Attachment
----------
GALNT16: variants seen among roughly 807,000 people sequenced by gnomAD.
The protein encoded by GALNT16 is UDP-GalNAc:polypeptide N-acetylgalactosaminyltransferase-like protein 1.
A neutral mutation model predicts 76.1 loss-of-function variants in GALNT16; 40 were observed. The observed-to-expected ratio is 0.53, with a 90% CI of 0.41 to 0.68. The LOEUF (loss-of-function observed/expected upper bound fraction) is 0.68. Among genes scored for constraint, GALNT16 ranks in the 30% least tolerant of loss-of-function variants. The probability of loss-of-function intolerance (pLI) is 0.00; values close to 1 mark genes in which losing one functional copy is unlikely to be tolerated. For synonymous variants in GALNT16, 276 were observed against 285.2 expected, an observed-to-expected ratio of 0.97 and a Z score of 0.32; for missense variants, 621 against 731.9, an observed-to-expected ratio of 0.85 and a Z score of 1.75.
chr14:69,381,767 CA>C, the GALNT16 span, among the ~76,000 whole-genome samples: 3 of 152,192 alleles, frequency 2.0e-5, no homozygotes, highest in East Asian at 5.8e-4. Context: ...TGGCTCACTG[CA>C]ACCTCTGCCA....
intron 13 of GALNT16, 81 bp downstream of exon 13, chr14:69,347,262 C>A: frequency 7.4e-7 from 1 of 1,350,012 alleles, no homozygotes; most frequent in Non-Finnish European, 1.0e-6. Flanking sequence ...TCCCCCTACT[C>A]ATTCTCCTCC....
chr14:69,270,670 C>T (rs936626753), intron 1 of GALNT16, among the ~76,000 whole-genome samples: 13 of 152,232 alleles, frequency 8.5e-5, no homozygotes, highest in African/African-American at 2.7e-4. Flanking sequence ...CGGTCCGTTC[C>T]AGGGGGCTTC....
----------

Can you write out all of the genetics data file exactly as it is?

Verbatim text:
GALNT16: variants seen among roughly 807,000 people sequenced by gnomAD.
The protein encoded by GALNT16 is UDP-GalNAc:polypeptide N-acetylgalactosaminyltransferase-like protein 1.
A neutral mutation model predicts 76.1 loss-of-function variants in GALNT16; 40 were observed. The observed-to-expected ratio is 0.53, with a 90% CI of 0.41 to 0.68. The LOEUF (loss-of-function observed/expected upper bound fraction) is 0.68. Among genes scored for constraint, GALNT16 ranks in the 30% least tolerant of loss-of-function variants. The probability of loss-of-function intolerance (pLI) is 0.00; values close to 1 mark genes in which losing one functional copy is unlikely to be tolerated. For synonymous variants in GALNT16, 276 were observed against 285.2 expected, an observed-to-expected ratio of 0.97 and a Z score of 0.32; for missense variants, 621 against 731.9, an observed-to-expected ratio of 0.85 and a Z score of 1.75.
chr14:69,381,767 CA>C, the GALNT16 span, among the ~76,000 whole-genome samples: 3 of 152,192 alleles, frequency 2.0e-5, no homozygotes, highest in East Asian at 5.8e-4. Context: ...TGGCTCACTG[CA>C]ACCTCTGCCA....
intron 13 of GALNT16, 81 bp downstream of exon 13, chr14:69,347,262 C>A: frequency 7.4e-7 from 1 of 1,350,012 alleles, no homozygotes; most frequent in Non-Finnish European, 1.0e-6. Flanking sequence ...TCCCCCTACT[C>A]ATTCTCCTCC....
chr14:69,270,670 C>T (rs936626753), intron 1 of GALNT16, among the ~76,000 whole-genome samples: 13 of 152,232 alleles, frequency 8.5e-5, no homozygotes, highest in African/African-American at 2.7e-4. Flanking sequence ...CGGTCCGTTC[C>T]AGGGGGCTTC....